Earlier this week I wrote to the Public Editor of the New York Times about my concerns with the way they “corrected” and then apparently “uncorrected” a story that originally mentioned occupied Gaza. My letter is here.
To their credit, they investigated and responded to my inquiry right away. I’ve copied it below.
A campaign needs to be launched to educate the New York Times about the occupation of Gaza and I’m going to talk with friends this evening about that.
Match 12, 2014
Dear Ms. Lucero,
Thanks for taking the time to write. Upon receiving your email, we undertook an investigation of the article in question. In speaking to The Times’s Corrections desk, we found that the correction was removed on a technicality and is being restored.
Apparently, an editor appended the correction without checking with the reporter who handled the article. That is against our policy. We never correct an article without first telling the reporter.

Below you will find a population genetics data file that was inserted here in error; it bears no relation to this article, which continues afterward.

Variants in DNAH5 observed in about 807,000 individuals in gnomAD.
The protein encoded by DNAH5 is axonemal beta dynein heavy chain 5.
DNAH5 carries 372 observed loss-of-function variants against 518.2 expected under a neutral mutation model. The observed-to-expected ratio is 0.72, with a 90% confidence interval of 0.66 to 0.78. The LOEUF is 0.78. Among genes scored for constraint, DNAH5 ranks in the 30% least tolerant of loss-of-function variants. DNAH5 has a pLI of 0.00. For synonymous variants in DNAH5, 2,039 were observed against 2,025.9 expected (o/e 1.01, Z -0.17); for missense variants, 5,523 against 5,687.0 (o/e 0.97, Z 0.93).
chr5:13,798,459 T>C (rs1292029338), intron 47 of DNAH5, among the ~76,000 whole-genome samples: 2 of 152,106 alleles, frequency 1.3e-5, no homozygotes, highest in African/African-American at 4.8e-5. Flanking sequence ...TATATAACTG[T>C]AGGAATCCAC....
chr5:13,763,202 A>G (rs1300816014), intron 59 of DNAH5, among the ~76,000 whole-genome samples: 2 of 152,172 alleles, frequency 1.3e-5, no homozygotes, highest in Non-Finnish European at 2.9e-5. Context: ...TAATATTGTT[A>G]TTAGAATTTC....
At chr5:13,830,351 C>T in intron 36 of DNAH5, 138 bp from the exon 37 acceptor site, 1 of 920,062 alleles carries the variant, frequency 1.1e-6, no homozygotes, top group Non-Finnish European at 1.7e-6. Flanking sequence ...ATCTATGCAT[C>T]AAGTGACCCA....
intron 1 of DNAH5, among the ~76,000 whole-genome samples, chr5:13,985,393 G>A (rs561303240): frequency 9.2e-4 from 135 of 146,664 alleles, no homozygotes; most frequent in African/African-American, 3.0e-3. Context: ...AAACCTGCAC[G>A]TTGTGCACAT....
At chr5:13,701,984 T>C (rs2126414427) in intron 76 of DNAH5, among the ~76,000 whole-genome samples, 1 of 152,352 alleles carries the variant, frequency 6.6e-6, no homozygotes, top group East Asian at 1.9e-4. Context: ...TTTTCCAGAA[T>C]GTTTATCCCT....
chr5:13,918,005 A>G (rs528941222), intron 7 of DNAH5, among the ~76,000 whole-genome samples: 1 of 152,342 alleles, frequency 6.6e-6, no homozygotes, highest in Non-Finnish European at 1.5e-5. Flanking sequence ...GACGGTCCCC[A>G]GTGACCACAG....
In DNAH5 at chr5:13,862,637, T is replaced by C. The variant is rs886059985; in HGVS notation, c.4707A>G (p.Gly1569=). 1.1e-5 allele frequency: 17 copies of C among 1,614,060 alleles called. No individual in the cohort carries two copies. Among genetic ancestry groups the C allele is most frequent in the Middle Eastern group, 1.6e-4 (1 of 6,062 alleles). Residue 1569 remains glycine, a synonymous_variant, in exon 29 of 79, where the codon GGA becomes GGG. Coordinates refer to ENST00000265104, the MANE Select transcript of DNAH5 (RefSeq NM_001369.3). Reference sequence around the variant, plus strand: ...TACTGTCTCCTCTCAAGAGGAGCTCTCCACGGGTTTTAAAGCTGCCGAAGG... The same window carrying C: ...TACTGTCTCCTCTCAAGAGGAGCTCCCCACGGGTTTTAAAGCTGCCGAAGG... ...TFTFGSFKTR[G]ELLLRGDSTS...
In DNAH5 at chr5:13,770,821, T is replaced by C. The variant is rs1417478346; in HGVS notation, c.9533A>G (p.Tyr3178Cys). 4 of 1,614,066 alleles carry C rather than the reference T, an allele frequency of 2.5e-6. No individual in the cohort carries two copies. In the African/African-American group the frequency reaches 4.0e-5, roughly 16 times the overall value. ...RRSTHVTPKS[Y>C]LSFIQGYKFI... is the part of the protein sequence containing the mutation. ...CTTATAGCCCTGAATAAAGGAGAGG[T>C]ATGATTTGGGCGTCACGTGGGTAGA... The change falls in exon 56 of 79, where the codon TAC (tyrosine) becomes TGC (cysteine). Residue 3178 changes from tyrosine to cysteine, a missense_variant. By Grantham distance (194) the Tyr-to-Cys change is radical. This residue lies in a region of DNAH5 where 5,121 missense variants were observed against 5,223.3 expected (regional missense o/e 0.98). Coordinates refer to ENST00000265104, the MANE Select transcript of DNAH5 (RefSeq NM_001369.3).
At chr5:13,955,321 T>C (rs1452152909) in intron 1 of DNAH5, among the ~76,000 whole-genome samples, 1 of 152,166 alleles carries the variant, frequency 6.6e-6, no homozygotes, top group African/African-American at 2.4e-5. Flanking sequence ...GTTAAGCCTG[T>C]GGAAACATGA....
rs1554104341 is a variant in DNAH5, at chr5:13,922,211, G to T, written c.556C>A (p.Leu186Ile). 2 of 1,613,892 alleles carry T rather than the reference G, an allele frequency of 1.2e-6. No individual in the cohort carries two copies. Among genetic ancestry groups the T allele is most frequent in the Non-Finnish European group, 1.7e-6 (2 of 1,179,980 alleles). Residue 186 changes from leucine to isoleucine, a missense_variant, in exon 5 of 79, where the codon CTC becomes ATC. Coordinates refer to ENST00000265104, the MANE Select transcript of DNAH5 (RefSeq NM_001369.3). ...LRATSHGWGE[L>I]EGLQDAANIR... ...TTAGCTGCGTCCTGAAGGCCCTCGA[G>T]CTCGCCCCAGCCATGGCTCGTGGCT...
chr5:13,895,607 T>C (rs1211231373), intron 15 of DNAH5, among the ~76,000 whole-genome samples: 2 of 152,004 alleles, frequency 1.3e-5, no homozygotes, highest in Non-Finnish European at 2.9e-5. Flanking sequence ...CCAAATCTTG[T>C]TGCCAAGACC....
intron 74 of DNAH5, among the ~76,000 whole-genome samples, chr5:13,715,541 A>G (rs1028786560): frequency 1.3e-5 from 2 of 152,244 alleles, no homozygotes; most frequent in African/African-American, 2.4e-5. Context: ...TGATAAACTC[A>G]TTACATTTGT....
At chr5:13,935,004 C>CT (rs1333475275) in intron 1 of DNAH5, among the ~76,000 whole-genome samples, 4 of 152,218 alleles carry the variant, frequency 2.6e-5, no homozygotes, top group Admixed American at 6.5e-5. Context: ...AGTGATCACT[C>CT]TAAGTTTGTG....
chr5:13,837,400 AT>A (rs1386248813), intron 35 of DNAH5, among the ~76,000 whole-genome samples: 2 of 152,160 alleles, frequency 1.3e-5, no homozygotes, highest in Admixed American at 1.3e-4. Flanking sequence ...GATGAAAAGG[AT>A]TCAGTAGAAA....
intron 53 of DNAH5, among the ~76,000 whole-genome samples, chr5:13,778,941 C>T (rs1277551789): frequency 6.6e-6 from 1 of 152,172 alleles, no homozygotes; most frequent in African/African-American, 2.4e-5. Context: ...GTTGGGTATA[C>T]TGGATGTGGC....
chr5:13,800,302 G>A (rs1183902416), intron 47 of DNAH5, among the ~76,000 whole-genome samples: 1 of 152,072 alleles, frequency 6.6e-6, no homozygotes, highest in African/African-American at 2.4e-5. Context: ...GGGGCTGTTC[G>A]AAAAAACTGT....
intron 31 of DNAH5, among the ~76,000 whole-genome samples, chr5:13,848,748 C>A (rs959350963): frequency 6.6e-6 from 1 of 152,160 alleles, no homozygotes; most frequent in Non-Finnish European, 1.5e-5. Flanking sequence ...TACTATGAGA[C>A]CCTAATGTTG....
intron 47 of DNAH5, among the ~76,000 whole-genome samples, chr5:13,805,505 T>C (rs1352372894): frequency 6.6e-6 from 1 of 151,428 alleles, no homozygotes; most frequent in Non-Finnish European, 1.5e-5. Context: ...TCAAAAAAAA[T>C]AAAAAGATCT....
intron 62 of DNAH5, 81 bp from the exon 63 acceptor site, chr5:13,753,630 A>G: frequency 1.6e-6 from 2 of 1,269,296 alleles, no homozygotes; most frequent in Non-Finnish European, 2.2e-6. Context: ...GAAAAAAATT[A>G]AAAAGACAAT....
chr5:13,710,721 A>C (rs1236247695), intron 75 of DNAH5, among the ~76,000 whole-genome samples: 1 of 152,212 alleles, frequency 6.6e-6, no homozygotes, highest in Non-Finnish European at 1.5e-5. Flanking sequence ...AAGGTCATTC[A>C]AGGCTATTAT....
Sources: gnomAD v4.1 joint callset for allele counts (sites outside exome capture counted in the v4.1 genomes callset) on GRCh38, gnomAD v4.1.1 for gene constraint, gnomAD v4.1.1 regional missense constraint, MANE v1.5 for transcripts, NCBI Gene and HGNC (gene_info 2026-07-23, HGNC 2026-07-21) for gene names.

The correction will be back up shortly. Here is the editorial explanation for corrections of this type:
“The term “occupied” has a specific resonance in the Israeli Palestinian conflict, and we have stopped referring to Gaza as occupied. This is not a new decision. We stopped when Israel ceased its formal occupation of the territory, and have since used other terms to describe Israeli pressure on Hamas and Gaza. “Occupied” is not among them. So when we err, we should acknowledge it with a correction.”
Of course, we recognize that this is a very complicated situation and encourage you to write to the International desk if you feel as though you would like further explanation. The desk can be reached by email at email@example.com.
Thanks again for taking the time to read The Times.